Strength training is and becomes more important as you age. From as early as your 30’s you will experience a steady decline in muscle mass. Strength training reduces this loss and allows your body to cope with this new exercise regime, it will also help contribute to you becoming a better runner as well as protecting your body from injury. 

Here at Coach Parry we a massive advocates of strength training, especially as we get older. That is why we’ve created this free masters strength training plan for you to download. 

3. Build up slowly

Build up in blocks (ie. be sure to take a recovery week every 3-4 weeks) this doesn’t mean you do nothing, you can still run 3-4 times per week but you reduce the volume in the 3/4 week to aid recovery and give you all the benefit of the training you have just done

4. It’s important to not run more than four days a week

As a general rule, beginner runners that are 50+ should stick to running 3 to 4 days a week maximum. This will allow the body to recover correctly and prevent injury.

5. Cross-training is your friend

You need to start slowly, cross-training will allow you to push yourself a bit harder with non-impact cardiovascular exercises. These exercises don’t contribute to the load that you would be placing on your joints when you start running in your 50’s. 

Wouldn’t it be amazing if there was some sort of “special key” to mobility, flexibility, lower injury risk, improved performance, and counteracted aging? Well, there is… it’s called strength and conditioning.

Strength Training After 50

Strength and conditioning training becomes so important as we age, as much as we all hate to admit it, the effects of aging are very real and research shows that by the ages of between 60 and 70, you can lose up to 30% of your muscle mass and strength training will help combat just that. Running is hard on the body so you do have to ensure that you’ve got the strength to sustain that load.

Give the Coach Parry masters strength training program that is written specifically for runners over the age of 50 a try,

You can download our free master’s strength training plan by clicking here.

You now know why you should be running, you know how to prepare for your running, you know how to run, but how fast should you be running?  

How Fast Should A 50-Year-Old Beginner Be Running?

When starting, you should go for sessions between 15 to 20 minutes at a time and walk for four to five minutes, followed by a one-minute run. This should be repeated for the entire 15 to 20 minutes.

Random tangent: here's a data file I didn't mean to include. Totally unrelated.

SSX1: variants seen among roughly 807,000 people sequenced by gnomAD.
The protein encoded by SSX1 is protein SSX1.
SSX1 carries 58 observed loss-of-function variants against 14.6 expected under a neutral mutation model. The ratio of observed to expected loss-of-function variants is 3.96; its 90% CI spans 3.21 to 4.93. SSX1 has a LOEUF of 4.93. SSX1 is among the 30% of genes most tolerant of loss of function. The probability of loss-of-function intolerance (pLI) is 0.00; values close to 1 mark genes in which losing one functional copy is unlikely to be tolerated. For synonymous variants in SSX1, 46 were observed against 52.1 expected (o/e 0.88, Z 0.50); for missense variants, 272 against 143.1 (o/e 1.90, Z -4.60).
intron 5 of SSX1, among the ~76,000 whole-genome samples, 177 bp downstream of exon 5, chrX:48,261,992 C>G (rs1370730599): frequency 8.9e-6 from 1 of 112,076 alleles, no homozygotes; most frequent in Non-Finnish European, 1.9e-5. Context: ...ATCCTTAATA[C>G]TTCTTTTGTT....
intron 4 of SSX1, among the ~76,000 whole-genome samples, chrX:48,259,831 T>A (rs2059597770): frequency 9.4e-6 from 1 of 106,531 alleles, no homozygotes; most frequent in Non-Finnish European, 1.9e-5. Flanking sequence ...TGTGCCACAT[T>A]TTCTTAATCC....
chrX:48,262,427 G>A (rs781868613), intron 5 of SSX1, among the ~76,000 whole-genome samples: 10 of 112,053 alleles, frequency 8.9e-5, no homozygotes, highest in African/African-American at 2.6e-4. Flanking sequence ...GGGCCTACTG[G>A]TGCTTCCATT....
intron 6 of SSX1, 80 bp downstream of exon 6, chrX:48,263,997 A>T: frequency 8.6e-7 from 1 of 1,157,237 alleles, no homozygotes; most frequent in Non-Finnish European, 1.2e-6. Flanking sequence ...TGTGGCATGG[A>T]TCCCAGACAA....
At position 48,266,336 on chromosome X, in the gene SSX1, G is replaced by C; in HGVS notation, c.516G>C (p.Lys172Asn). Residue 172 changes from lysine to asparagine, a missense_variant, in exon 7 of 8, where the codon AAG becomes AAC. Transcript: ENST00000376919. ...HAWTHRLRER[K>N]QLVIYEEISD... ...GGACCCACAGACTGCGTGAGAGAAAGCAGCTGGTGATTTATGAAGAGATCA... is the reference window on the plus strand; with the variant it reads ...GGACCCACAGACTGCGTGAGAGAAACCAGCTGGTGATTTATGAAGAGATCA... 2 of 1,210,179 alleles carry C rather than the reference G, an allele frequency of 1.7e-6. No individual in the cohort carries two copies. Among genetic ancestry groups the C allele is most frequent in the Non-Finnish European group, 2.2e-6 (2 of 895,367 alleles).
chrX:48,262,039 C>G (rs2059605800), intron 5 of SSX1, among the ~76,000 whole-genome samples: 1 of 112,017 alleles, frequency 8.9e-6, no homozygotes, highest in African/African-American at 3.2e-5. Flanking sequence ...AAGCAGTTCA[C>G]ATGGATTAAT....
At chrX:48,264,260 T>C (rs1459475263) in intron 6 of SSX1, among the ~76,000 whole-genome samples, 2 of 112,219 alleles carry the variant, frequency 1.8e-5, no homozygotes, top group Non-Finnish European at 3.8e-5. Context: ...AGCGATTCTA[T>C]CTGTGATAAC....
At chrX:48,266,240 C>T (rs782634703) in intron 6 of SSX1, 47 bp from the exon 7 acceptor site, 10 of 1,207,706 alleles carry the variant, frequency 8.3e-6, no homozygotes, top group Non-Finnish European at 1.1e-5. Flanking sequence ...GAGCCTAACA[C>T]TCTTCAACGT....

Every one to two weeks, depending on how easy the above method is and how well your body takes to it, you will then reduce the walking, increase the running and slowly increase the session time.
In eight to twelve weeks you will be able to run five kilometres without needing to walk at all. 

Once you’re a bit more experienced, you may be interested in improving your (PR) personal record. Here’s how you can continue running fast into your fifties and beyond:

Common Stumbling Blocks For New Runners In Their 50’s

  • Potential injuries. Some include shin splints, runner’s knee, and achilles tendinitis.
  • A decline in cardiovascular endurance. This is why it’s important to take things slow.
  • Shrinking muscles. (Sarcopenia) This happens normally as people age, strength training will help combat this.

To conquer these stumbling blocks and arrive at your next run feeling great we have one very important word for you…


Recovery is one of the most important, yet very often ignored aspects of running. 

You only benefit from the training you recover from. Adaptation to exercise only happens in recovery not actually while we do it.

If you want to recover from training sessions quicker, not feel fatigued all the time, run pain & injury free and improve your endurance so that you can run faster well beyond your fifties, then the Faster Beyond 50 Free Masterclass is specifically for you.  

Save your seat by clicking here.

Join us for a free online presentation of the…

The Faster Beyond 50 Masterclass

…and discover how you can run well (and faster) as you get olderwithout training more or harder than you currently are, all while avoiding injury. 

If it feels like you’re training harder than ever but not running the paces you’d like to be running or if you’re constantly tired, fatigued or running in some sort of pain, then this is specifically for you.

Save your seat in this training now…


With a passion for high performance sport – Lindsey Parry is one of South Africa’s most widely recognised coaches. Having led a team to the London, Rio and Tokyo Olympic Games as well as the Commonwealth Games in Edinburgh, the Gold Coast & Birmingham, and coached both triathletes and runners onto podiums of some of the world’s most illustrious races, Lindsey has a unique ability to understand what it takes to succeed at any level and thrives on coaching, motivating and inspiring others to do the same – whether it’s on the track, on stage or behind a mic.